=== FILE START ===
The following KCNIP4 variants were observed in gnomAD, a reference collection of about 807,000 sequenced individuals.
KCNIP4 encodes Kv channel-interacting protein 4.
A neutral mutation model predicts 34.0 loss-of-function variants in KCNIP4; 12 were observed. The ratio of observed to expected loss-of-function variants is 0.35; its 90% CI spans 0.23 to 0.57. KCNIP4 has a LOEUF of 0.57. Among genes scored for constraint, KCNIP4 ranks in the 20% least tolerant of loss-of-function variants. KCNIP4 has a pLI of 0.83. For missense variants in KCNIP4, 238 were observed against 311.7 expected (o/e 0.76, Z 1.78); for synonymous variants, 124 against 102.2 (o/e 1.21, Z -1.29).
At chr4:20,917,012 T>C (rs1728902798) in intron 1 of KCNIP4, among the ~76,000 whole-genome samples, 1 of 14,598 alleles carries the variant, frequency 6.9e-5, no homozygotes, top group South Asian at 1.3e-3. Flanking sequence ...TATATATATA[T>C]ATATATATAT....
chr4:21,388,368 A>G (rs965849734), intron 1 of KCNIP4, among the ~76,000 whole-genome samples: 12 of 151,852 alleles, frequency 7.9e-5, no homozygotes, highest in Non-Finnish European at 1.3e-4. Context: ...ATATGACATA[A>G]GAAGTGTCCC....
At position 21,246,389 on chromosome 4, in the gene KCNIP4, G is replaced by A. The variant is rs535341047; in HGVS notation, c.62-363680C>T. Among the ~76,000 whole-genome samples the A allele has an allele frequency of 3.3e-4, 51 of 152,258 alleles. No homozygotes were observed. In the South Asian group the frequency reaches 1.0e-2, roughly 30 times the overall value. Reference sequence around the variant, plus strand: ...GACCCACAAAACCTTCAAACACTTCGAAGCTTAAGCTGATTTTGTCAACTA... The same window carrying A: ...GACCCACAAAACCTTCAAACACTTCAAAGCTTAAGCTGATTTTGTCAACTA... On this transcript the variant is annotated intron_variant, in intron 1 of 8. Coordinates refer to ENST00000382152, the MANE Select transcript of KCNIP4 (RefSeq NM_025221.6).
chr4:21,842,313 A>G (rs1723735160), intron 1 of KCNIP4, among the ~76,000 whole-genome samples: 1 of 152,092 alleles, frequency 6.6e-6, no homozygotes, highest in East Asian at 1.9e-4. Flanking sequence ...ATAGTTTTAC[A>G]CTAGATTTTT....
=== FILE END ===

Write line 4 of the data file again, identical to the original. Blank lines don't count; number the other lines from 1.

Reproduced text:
At chr4:20,917,012 T>C (rs1728902798) in intron 1 of KCNIP4, among the ~76,000 whole-genome samples, 1 of 14,598 alleles carries the variant, frequency 6.9e-5, no homozygotes, top group South Asian at 1.3e-3. Flanking sequence ...TATATATATA[T>C]ATATATATAT....